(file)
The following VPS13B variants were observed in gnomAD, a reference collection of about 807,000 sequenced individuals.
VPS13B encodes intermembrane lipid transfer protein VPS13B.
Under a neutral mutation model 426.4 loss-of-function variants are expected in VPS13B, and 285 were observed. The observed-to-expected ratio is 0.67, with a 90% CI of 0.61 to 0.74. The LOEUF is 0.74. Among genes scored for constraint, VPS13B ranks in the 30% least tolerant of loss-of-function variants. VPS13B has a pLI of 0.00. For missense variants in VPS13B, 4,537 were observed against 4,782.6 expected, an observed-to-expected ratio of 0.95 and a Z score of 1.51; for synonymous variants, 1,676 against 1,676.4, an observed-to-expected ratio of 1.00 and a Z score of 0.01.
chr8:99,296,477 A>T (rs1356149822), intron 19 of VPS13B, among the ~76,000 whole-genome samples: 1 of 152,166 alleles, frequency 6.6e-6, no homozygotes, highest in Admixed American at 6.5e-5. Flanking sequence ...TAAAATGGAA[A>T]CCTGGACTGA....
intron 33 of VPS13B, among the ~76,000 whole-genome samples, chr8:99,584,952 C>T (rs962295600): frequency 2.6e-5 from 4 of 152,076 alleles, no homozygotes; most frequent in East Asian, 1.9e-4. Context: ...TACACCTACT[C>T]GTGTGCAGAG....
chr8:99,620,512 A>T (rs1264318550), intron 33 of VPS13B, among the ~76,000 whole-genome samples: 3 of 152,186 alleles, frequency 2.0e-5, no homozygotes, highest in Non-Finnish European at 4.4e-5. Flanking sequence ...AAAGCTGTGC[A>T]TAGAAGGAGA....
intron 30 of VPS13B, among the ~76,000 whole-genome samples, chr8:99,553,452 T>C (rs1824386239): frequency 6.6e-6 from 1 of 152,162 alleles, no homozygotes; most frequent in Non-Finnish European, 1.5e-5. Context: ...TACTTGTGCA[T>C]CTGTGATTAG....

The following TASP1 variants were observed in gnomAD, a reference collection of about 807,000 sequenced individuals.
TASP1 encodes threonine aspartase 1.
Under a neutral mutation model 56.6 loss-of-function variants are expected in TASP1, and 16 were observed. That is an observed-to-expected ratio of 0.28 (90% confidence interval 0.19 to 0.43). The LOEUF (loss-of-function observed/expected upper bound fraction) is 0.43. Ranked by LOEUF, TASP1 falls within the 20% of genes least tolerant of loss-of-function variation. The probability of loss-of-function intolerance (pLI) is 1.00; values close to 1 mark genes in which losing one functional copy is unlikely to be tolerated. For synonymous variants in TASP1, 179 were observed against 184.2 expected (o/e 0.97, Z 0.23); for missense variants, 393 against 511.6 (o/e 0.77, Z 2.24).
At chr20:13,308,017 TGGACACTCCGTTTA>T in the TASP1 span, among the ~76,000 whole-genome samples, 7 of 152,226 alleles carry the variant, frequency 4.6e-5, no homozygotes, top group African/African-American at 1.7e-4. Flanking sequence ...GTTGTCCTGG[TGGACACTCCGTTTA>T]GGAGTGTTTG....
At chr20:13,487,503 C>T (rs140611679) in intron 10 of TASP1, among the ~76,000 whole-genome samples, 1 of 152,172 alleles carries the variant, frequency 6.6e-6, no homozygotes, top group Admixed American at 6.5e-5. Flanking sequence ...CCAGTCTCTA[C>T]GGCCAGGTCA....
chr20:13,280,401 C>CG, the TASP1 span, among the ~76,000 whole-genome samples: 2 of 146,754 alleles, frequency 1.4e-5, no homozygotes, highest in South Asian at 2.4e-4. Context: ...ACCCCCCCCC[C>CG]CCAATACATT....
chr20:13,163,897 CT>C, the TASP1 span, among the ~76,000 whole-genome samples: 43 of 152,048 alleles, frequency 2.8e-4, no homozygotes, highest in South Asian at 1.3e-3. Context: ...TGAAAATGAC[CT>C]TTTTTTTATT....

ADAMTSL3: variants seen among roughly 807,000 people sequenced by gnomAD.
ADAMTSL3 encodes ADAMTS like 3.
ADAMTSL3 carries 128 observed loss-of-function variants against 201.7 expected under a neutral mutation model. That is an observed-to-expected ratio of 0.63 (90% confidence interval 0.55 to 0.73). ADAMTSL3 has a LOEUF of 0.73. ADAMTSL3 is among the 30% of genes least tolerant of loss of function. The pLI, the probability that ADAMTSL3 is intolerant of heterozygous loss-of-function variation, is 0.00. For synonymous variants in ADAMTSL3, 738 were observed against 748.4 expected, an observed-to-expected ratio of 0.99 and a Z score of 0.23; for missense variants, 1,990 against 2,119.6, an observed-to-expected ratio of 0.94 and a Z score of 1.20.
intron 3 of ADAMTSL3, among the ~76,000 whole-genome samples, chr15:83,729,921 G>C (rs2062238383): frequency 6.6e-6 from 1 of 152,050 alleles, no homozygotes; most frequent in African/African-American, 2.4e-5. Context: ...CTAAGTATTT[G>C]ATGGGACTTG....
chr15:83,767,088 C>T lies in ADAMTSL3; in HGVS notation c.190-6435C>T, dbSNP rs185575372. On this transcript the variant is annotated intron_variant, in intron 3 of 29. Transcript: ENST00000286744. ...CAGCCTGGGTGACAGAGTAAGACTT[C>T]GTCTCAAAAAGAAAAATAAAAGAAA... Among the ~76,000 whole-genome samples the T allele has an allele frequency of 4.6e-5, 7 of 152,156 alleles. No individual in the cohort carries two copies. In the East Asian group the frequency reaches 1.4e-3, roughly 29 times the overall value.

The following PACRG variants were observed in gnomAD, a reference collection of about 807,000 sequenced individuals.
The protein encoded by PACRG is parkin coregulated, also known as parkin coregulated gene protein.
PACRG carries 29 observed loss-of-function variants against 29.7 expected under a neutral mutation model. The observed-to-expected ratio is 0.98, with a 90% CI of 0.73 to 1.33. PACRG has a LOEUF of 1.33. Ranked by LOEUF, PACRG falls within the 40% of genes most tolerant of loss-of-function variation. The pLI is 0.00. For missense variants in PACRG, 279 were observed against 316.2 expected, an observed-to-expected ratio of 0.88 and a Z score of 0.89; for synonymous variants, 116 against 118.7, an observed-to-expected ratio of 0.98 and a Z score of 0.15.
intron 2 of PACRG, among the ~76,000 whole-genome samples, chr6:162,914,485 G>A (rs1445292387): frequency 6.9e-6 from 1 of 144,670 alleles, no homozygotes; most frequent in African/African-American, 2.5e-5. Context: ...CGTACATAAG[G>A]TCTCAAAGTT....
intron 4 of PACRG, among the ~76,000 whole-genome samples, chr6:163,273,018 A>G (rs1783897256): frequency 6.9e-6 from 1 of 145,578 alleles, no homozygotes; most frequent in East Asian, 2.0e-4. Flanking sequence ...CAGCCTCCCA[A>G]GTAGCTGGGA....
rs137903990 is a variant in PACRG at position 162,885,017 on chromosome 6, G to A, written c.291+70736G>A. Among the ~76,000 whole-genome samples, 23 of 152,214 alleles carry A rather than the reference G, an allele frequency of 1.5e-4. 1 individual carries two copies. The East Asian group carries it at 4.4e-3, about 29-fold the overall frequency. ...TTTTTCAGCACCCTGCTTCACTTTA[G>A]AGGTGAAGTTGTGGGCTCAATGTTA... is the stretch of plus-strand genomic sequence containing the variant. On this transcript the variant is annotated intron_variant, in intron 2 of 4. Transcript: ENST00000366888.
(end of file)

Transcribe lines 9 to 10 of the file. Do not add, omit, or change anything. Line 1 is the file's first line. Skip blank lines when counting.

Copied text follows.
TASP1 encodes threonine aspartase 1.
Under a neutral mutation model 56.6 loss-of-function variants are expected in TASP1, and 16 were observed. That is an observed-to-expected ratio of 0.28 (90% confidence interval 0.19 to 0.43). The LOEUF (loss-of-function observed/expected upper bound fraction) is 0.43. Ranked by LOEUF, TASP1 falls within the 20% of genes least tolerant of loss-of-function variation. The probability of loss-of-function intolerance (pLI) is 1.00; values close to 1 mark genes in which losing one functional copy is unlikely to be tolerated. For synonymous variants in TASP1, 179 were observed against 184.2 expected (o/e 0.97, Z 0.23); for missense variants, 393 against 511.6 (o/e 0.77, Z 2.24).